Tuesday, April 24, 2012

Date and ginger chutney with Tamarind | sonth imli ki chutney...




Sonth imli khajoor ki chutney to be precise. This is a sweet sticky gooey chutney that looks like jam or a fruit preserve. Packed with all the sweet and hot and a little savory and a lot of tangy flavors. All wrapped in one lick of the spoon.

 A complex flavor imparted by an earthy yet tingling kick of dry ginger powder, hot red chilly powder balanced by those juicy bits of dates and a slurry like tamarind jelly. This chutney is used as a condiment with meals or as a topping for many popular chaats. With Dahi vade, with dahi wale gol gappe or with samose..this chutney picks up any snack or meal to a new level.

Here is a dahi vada chaat with this chutney on top and some chopped coriander greens and a few crushed potato chips..It can't get any better.

The recipe is pretty simple and the chutney keeps well in the fridge for about six months. So it is a nice recipe to have in your repertoire. I am sure you have at least one recipe of a tamarind chutney with either dates, Aam papad or even Raisins or Apples. Or Pineapples.

The fruit can be of your choice and the consistency also keeps changing according to the main meal you want to serve it with.

This one is a traditional flavor from UP and goes well with all kinds of chaat.

ingredients...

tamarind 50 gm (seedless sticky tamarind)
Or same amount of tamarind paste from a packet
dates chopped finely 50 gm
jaggery 25 gm or to taste
red chilly powder 1 tsp
dry ginger powder (sonth) 1 tsp Or fresh ginger paste 1 tbsp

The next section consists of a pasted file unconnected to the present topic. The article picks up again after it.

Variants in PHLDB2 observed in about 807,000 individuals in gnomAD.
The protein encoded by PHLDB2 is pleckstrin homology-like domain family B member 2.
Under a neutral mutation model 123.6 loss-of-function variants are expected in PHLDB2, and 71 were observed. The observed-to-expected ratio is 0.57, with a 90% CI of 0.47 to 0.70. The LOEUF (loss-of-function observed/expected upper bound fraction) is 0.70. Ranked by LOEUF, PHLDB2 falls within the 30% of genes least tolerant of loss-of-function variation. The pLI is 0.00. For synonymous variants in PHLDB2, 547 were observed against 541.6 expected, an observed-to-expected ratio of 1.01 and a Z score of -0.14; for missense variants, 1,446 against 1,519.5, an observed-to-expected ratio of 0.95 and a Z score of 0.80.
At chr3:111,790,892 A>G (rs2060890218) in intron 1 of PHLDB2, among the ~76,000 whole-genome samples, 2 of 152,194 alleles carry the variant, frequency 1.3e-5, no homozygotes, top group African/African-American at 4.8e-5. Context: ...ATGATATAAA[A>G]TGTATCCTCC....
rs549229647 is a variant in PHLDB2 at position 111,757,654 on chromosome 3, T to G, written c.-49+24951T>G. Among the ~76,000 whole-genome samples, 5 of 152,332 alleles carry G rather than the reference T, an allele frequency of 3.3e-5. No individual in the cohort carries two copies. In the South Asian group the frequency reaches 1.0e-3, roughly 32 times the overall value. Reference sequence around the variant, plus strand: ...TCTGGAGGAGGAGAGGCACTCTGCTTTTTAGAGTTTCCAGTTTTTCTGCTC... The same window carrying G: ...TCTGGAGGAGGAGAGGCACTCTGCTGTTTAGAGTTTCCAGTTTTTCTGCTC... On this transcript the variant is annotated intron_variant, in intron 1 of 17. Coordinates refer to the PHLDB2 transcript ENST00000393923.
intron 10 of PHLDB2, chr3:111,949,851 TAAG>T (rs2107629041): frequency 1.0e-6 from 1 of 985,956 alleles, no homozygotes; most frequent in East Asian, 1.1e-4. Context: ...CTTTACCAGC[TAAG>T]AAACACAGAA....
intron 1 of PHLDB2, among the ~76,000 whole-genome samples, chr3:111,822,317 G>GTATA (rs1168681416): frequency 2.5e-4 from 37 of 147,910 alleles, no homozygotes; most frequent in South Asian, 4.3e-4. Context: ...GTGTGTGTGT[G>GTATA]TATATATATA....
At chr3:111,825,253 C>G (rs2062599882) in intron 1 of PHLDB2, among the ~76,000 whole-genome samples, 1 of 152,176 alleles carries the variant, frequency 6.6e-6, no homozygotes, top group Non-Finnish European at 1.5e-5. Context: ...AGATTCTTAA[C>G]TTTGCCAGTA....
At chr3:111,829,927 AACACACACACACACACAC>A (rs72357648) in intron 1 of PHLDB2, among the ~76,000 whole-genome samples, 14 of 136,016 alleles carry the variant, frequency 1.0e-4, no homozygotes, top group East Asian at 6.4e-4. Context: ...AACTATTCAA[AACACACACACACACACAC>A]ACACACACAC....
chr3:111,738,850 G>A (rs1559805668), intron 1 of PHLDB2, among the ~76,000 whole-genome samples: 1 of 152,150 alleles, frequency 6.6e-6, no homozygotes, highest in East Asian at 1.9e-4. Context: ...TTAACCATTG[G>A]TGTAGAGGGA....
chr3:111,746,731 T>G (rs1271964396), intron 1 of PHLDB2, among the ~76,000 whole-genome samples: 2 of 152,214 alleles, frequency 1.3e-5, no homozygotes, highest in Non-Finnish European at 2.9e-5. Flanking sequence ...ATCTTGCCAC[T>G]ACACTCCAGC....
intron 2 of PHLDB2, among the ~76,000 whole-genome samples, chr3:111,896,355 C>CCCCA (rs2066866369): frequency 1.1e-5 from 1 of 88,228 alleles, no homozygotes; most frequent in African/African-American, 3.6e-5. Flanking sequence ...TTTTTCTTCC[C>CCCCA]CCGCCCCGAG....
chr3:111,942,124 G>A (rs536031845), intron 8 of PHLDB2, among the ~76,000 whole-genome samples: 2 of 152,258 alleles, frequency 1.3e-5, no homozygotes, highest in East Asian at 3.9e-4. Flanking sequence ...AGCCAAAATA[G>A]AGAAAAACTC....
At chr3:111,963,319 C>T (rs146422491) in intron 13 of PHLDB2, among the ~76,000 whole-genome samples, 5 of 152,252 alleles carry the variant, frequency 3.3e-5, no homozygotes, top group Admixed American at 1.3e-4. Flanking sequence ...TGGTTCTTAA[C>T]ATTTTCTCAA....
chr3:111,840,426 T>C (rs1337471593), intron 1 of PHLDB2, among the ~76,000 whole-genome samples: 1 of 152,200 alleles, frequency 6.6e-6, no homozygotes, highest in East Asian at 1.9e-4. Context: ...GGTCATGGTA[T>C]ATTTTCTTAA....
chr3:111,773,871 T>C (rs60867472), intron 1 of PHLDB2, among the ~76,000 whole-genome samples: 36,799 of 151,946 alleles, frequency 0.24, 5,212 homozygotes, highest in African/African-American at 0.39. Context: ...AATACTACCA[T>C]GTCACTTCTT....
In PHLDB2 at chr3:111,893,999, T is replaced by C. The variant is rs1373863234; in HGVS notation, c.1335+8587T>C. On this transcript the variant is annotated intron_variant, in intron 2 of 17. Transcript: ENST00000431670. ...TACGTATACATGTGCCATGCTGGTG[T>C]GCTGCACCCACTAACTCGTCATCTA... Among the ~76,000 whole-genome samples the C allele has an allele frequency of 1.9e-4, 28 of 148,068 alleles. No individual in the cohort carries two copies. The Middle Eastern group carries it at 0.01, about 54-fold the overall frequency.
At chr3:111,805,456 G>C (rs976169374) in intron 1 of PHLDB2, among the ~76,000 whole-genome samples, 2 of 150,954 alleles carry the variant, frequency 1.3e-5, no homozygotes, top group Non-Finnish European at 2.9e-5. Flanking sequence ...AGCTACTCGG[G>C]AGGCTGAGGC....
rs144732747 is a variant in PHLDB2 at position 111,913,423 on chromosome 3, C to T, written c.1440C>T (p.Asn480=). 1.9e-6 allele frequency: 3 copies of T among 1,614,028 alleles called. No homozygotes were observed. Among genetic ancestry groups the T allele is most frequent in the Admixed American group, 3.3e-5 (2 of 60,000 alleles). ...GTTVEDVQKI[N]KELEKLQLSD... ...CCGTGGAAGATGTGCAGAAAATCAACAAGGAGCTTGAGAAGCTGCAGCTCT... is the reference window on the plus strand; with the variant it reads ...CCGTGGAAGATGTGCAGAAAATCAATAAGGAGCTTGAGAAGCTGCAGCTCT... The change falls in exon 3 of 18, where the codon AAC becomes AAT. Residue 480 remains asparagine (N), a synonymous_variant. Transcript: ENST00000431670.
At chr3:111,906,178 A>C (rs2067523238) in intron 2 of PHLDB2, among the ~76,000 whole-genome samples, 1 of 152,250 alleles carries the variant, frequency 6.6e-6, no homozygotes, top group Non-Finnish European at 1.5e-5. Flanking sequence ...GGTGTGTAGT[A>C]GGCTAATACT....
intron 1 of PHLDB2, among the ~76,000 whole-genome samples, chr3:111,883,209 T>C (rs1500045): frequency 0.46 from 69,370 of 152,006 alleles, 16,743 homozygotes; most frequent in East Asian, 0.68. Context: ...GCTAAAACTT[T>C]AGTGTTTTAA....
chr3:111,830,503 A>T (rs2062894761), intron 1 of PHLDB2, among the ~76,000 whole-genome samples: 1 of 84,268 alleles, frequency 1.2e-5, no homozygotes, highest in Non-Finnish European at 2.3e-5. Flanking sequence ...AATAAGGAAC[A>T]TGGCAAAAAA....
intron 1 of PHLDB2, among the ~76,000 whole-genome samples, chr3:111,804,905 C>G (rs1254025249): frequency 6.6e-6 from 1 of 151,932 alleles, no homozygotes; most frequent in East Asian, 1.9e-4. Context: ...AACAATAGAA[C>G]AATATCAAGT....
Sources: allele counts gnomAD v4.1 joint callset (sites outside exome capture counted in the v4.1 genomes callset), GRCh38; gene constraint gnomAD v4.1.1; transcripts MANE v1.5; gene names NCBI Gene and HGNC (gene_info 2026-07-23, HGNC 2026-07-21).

garam masala 1/2 tsp (I use this special garam masala, it can be a powder of Laung, Elaichi, Daalchini otherwise, including both kinds of cardamoms all in equal amounts)
salt to taste (1/2 tsp is enough as the chutney is not too salty, adjust salt after the chutney is done)

procedure...

Soak the tamarind in 100 ml water and boil or MW for 2 minutes. Let it cool and mash the pulp and strain the gel like pulp. Discard the solids. You may like to add 50 ml water again to the solids and repeat the process to extract some more thinner tamarind pulp from it. Mix both the filtrates together.

Add the chopped dates and all the other ingredients and boil or microwave the mixture together till it becomes a jelly like consistency. You might like it thinner so stop cooking when your kind of consistency is reached. Thicker chutney lasts longer.

Use as required and refrigerate in an airtight container.


Tamatar ki meethi chutney being an all time favorite, this one comes a close second. It is dangerously addictive as you would want to keep dipping the spoon and licking it.

Friday, April 6, 2012

Hot and garlicky fish steak


This is an old picture of fish steaks fried for dinner some 2 years back. I have been meaning to make this again for some time now and thought of sharing it here instead of dictating the recipe over phone to someone. Waiting for better pictures is not worth if I end up giving every detail and replay the instructions every now and then.

Interestingly, this is the very first recipe of a fish fry I tried on my own. That is when I started eating fish after Mithi was born. I wanted it to be hot and tangy and garlicky all at the same time. Being moi it means the recipe should be quick as well.

It was.

And it kept repeating many times over the years. It's only now for a couple of years that we don't get good fish that easily in the neighborhood and whenever we bring some fish after ages, we want other things to be experimented upon.

This recipe is simple. And it's not a cliche anymore on my blogs. Most of the recipes really are.